SITUATION NORMAL, AT LEAST FOR ME

I suppose most folks would consider it a rather chaotic weekend. In my corner of the world it was just situation normal.
We kicked it off Friday evening with what my dearest friend and I had hoped would be a light hearted comedy, Horrible Bosses. The first word of the title would have sufficed, unless of course you find humor in the crudest language plastered over a “been there, done that” plot.
Saturday morning it was off to chaos central, aka the day job that supports the writing habit. It lived up to its reputation in spades.
That afternoon, I prepared the “swamp” cooler for winter storage and prepared the furnace for winter service. I did all of this with a severely wrenched back even though it was a delightful eighty degree day.
In previous years when we had weeks of wonderful warm weather, and just a hint of fall in the mornings, that carried into early November, the change to winter was almost immediate. I was taking no chances.
For the rest of the day, and most of the evening, I worked at fine tuning the text for the Route 66 encyclopedia as the clock counting down the time to deadline grew louder with every passing minute. The recent trip to Chicago left me with pages of notes that needed to be included and there were more than a few updates to make as well.
After the Sunday morning devotional, I returned to the encyclopedia while my dearest friend busied herself in the kitchen recreating, and improving, a stew she had at Big Vern’s Steakhouse in Shamrock, Texas on the last Route 66 adventure. In our home returning from a trip is never the end of an adventure as my dearest friend, a very gifted cook who should open a cafe, recreates dishes discovered on the road. On more than one occasion her version is better than what we had in the restaurant even if it was superb.
This was to be the heart of our Sunday dinner. For desert we had elephant pie (blueberry pie with cookie cutter elephants for a crust) as per the request of my granddaughter.
That evening it was back to the encyclopedia as I had decided to rewrite the entire entry on Carthage, Missouri resultant of our recent excursion. The history of this community is quite fascinating but an aspect of particular interest is in regards to the preservation of vestiges of that colorful past.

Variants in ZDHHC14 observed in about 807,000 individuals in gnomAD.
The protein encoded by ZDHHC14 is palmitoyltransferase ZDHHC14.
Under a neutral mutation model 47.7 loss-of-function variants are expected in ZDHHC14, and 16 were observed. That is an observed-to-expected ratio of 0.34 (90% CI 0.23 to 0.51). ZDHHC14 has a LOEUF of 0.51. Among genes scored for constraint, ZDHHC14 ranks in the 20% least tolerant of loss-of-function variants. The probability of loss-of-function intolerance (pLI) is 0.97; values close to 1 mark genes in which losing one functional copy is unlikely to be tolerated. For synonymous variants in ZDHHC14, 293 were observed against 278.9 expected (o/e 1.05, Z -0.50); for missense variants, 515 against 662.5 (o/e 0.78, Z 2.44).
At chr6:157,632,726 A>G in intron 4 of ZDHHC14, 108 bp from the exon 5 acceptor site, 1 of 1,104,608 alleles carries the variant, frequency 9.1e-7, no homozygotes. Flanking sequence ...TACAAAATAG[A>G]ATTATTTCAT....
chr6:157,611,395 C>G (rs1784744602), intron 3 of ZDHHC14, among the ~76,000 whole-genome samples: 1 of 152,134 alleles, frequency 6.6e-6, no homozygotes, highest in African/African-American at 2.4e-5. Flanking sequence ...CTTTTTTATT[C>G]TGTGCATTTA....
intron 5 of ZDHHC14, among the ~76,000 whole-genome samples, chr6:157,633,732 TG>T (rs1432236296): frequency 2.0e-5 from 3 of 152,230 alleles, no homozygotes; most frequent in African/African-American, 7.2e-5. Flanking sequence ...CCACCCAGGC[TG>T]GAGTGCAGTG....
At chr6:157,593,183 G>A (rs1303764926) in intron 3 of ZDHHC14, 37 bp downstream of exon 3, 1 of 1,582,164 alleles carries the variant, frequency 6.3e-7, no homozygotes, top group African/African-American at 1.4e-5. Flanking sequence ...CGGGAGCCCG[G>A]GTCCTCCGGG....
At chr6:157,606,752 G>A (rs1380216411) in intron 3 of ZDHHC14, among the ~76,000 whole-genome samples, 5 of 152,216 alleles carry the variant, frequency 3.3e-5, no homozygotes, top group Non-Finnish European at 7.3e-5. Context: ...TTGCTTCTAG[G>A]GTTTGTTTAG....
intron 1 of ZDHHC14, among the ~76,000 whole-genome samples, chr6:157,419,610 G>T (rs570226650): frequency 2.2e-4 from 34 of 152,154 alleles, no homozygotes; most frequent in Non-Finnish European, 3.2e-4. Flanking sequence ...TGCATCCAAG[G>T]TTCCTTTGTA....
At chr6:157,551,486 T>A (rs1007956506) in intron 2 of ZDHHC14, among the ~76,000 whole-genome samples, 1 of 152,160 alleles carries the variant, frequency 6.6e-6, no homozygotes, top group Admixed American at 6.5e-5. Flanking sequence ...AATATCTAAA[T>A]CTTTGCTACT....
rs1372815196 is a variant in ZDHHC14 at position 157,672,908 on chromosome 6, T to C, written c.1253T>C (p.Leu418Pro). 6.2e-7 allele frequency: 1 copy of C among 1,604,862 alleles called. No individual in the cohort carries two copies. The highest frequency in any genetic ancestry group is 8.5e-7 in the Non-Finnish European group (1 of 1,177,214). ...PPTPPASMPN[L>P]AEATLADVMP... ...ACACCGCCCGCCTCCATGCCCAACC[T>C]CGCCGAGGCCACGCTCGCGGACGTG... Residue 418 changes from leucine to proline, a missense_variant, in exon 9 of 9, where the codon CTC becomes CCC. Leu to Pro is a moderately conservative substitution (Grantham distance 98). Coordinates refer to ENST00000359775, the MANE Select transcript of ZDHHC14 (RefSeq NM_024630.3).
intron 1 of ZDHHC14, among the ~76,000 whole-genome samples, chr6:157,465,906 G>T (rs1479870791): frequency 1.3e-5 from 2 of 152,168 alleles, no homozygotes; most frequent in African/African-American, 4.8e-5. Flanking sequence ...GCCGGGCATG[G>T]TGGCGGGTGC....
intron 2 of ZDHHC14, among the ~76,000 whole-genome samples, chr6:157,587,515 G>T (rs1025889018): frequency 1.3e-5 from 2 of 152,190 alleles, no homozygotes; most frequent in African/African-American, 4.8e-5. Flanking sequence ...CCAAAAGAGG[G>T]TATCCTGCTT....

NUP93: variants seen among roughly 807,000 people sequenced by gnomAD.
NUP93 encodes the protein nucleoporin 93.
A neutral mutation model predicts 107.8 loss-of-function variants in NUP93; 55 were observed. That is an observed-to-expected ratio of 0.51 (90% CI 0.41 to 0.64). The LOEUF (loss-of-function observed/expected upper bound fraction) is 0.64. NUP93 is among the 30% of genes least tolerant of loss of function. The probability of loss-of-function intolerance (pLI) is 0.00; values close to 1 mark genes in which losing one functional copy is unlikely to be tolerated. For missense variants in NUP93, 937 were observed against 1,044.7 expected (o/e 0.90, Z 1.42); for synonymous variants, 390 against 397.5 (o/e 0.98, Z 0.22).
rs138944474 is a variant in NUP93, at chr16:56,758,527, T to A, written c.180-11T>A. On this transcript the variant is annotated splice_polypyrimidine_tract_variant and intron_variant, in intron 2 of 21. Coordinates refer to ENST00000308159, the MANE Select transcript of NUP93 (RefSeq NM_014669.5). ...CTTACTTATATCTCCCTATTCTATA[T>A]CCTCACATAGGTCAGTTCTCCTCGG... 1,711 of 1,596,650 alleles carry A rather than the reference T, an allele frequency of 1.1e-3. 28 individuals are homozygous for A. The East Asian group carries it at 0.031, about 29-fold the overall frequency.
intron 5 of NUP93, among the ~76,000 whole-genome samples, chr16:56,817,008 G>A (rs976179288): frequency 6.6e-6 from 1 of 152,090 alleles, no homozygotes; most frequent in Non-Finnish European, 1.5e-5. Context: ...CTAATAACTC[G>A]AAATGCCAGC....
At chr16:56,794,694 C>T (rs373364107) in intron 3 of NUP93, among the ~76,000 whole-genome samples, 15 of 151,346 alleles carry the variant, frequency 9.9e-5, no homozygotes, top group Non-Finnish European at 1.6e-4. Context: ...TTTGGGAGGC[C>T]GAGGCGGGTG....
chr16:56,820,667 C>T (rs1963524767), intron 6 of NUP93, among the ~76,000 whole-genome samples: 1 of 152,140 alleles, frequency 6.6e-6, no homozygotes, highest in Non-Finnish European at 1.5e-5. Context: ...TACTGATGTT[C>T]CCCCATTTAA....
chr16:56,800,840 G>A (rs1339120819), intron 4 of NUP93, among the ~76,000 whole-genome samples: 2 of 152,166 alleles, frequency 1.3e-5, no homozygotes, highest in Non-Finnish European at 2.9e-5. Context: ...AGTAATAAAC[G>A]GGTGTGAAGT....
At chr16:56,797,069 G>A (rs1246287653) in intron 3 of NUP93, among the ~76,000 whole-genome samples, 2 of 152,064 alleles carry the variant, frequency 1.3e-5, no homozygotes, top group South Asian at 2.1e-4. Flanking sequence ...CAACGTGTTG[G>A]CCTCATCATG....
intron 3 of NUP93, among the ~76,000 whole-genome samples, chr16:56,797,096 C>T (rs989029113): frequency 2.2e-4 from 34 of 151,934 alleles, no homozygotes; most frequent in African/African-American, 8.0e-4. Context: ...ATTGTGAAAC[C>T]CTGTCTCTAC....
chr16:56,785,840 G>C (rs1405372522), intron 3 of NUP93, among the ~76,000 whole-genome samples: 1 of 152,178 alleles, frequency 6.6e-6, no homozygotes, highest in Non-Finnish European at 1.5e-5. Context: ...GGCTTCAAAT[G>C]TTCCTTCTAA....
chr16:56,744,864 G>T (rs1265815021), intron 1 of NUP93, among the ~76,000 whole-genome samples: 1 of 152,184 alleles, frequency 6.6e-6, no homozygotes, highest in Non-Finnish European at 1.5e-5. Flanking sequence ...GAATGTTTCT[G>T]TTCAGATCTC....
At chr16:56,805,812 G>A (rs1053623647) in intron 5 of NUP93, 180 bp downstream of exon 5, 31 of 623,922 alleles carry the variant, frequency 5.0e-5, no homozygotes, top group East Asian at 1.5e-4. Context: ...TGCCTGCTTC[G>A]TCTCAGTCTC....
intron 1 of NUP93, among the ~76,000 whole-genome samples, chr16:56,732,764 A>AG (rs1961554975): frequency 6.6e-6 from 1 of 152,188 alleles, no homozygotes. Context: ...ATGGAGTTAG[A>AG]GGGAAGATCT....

Most of the entire business district is a well preserved time capsule of stunning architectural gems surround by equally impressive 19th century homes. But surprisingly, most tangible links with Route 66 are gone, with the exception of the Boots Motel that may be on the road to recovery.
Monday morning, a scheduled day off that is always in question, kicked off with computer issues that presented problems in dealing with correspondence, and a kitchen sink that refused to drain. The computer issues are usually left to my dearest friend as she has an uncanny ability to sense problems with these magic boxes. The sink was my bailiwick.
Several months prior we had made arrangements to dine with Dale Butel of Route 66 Tours, an Australian company, when he passed through Kingman on the 24th. We always enjoy a visit with Dale and as a bonus, in recent months many in his group purchase books that I will  happily sign for them, which in turn opens the doors for some very lively and fascinating conversation.
His first phone call was not the one expected as he was looking for a clinic as one of the people in his group was under the weather. After assisting with that, I returned to the encyclopedia and awaited his next call.
That came a bit after 2:00 when he asked it would be possible to meet his group at Cool Springs. As we had been planning to meet with him later that afternoon, this really presented few issues and I let him know that Chris Durkin of the Kingman Route 66 Association was hoping to catch up with him on this trip.
With the type of surgical precision intersection of two groups that would be impossible without split second timing we arrived at the intersection of Andy Devine Avenue, Route 66, just in time to see a small herd of rented muscle cars, and one classic Mach I convertible, all flying Australian flags as they sailed by. We joined the pack and followed them to Cool Springs.